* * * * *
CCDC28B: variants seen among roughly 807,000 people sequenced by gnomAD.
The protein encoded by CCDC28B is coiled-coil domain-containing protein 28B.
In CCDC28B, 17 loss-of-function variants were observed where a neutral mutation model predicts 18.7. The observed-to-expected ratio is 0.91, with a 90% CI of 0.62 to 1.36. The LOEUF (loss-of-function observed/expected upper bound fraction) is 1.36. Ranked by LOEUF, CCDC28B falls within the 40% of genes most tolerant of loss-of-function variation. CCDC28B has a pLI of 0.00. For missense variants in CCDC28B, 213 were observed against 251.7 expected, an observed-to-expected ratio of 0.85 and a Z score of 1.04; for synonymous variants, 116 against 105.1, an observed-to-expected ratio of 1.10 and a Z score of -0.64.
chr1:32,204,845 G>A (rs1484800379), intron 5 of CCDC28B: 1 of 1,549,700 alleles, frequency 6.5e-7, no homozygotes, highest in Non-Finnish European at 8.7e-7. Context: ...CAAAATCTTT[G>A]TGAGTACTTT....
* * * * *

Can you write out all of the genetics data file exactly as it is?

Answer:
CCDC28B: variants seen among roughly 807,000 people sequenced by gnomAD.
The protein encoded by CCDC28B is coiled-coil domain-containing protein 28B.
In CCDC28B, 17 loss-of-function variants were observed where a neutral mutation model predicts 18.7. The observed-to-expected ratio is 0.91, with a 90% CI of 0.62 to 1.36. The LOEUF (loss-of-function observed/expected upper bound fraction) is 1.36. Ranked by LOEUF, CCDC28B falls within the 40% of genes most tolerant of loss-of-function variation. CCDC28B has a pLI of 0.00. For missense variants in CCDC28B, 213 were observed against 251.7 expected, an observed-to-expected ratio of 0.85 and a Z score of 1.04; for synonymous variants, 116 against 105.1, an observed-to-expected ratio of 1.10 and a Z score of -0.64.
chr1:32,204,845 G>A (rs1484800379), intron 5 of CCDC28B: 1 of 1,549,700 alleles, frequency 6.5e-7, no homozygotes, highest in Non-Finnish European at 8.7e-7. Context: ...CAAAATCTTT[G>A]TGAGTACTTT....